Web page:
The proposed budget for the National Science Foundation includes funding for a broad range of geoscience research activities. In this image, the National Atmospheric and Oceanic Administration's Geostationary Operational Environmental Satellite–East (GOES-East) provides a look at the eastern two thirds of the United States and other areas on 7 January. Credit: NASA/NOAA GOES

The $7.7 billion budget that U.S. President Barack Obama has proposed for the National Science Foundation (NSF) for fiscal year (FY) 2016 would boost the geosciences by 4.7% while providing a 5.2% increase of $379 million over FY 2015 to the agency as a whole.

The budget request to Congress, which the White House announced on 2 February, would fund NSF’s Directorate for Geosciences (GEO) with $1.365 billion in FY 2016, a 4.7% increase above the $1.304 billion FY 2015 estimated budget level. This increase would apply across all divisions within GEO.

NSF’s Directorate for Geosciences (GEO) would be the biggest player in two of NSF’s major investment priorities for FY 2016 that reach across the agency.

In addition, the directorate would be the biggest player in two of NSF’s major investment priorities for FY 2016 that reach across the agency. The Innovations at the Nexus of Food, Energy, and Water Systems (INFEWS) project would be funded at $75 million, with GEO investing $14.8 million. A Risk and Resilience initiative to address resilience in response to natural and man-made disasters would receive $58 million agency-wide, with GEO tagged for $23.5 million through its Prediction of and Resilience against Extreme Events (PREEVENTS) program. The need for efforts in both of these areas is highlighted in GEO’s recently published strategic planning report, Dynamic Earth: Geo Imperatives and Frontiers 2015–2020.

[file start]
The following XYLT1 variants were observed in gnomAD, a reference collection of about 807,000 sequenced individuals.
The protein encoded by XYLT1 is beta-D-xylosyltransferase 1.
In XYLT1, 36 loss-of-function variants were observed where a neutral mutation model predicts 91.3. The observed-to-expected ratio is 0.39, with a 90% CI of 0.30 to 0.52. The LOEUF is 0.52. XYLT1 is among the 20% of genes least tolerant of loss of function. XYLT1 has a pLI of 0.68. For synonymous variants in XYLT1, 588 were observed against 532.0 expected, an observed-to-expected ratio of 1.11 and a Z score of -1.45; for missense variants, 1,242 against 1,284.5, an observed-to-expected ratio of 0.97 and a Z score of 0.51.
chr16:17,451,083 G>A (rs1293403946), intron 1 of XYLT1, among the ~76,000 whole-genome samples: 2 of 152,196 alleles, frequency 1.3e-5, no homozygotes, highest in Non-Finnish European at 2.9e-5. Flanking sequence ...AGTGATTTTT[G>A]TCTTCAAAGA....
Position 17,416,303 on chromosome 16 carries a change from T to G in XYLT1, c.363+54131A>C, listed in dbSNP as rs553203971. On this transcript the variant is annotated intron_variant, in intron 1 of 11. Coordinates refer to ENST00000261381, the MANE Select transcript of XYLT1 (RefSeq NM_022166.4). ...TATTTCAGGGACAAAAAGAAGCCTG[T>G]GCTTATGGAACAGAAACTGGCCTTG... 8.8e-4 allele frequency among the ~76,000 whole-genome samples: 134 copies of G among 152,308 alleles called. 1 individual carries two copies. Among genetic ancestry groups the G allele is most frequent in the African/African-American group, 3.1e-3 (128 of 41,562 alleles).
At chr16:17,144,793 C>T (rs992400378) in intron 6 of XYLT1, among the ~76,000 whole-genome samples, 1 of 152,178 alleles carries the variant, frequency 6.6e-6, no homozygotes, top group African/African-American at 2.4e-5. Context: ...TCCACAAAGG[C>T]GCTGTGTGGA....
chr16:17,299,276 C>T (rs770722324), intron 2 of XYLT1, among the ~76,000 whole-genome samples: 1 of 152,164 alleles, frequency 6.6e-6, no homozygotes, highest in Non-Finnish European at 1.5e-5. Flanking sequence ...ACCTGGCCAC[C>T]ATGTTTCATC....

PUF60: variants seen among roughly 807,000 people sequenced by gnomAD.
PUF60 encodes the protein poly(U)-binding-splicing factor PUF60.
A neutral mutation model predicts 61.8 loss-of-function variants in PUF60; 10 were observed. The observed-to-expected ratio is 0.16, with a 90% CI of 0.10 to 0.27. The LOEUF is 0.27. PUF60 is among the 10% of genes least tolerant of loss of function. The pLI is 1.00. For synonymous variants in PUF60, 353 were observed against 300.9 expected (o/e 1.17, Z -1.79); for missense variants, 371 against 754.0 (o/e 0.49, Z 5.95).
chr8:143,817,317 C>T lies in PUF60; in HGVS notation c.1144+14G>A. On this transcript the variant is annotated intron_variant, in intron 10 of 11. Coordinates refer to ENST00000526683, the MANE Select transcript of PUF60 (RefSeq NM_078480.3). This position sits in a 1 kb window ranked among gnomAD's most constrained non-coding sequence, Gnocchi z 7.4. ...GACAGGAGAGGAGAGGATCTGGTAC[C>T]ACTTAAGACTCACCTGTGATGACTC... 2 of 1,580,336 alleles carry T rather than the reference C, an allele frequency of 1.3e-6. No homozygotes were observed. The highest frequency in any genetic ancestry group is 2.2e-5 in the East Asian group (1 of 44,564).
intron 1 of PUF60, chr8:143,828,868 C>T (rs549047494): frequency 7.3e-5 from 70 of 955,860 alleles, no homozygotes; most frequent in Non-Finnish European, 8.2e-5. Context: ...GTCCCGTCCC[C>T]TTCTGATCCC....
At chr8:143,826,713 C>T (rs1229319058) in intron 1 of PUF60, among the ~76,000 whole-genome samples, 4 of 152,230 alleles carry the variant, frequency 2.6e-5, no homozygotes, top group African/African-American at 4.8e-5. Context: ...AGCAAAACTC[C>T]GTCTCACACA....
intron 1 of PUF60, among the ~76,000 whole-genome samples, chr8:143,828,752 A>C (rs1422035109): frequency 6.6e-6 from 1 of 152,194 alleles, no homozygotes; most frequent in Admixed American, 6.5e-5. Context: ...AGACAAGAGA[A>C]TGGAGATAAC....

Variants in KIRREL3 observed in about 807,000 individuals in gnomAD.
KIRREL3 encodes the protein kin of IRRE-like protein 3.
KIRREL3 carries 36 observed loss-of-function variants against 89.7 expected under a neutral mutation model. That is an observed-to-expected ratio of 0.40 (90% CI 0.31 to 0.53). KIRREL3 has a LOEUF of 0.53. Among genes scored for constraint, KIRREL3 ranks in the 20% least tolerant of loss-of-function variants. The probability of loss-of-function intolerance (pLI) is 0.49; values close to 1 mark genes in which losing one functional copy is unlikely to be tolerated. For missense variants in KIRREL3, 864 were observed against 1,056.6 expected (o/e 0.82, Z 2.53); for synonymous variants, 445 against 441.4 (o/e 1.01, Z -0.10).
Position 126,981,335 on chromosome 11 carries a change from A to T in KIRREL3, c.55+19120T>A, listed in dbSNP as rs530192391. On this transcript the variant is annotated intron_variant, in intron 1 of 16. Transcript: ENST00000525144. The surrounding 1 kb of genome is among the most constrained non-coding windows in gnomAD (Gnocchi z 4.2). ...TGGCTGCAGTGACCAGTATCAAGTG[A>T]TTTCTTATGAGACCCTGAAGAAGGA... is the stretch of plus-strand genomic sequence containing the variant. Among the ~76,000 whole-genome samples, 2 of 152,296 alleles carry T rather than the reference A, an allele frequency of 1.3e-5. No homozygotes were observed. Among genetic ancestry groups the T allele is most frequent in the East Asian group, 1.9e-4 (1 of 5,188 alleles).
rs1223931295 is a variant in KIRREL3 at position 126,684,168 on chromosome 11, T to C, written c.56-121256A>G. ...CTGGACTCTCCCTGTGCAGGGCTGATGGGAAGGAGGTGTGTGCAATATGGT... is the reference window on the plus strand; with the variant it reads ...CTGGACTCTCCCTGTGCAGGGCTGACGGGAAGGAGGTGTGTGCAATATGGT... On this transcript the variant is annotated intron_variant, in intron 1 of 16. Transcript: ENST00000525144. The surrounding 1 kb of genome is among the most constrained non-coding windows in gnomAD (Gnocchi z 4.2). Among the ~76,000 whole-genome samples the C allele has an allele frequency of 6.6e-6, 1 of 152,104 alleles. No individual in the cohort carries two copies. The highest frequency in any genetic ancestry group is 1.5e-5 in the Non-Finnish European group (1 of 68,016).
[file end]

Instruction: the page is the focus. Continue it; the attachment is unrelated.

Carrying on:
Increases from FY 2015

The funding request for GEO would be an improvement from FY 2015. The FY 2015 appropriations act provided NSF with a 2.4% increase overall above the FY 2014 funding level, but language included in a House of Representatives report related to the FY 2015 omnibus appropriations act that became law on 16 December 2014 held funding for GEO flat at the FY 2014 level.

NSF officials were disappointed that the FY 2015 language did not include GEO among the directorates that would receive increases and that Congress had made directorate-specific allocations. For the FY2016 budget, foundation officials are hoping that Congress does not insert directorate-specific language.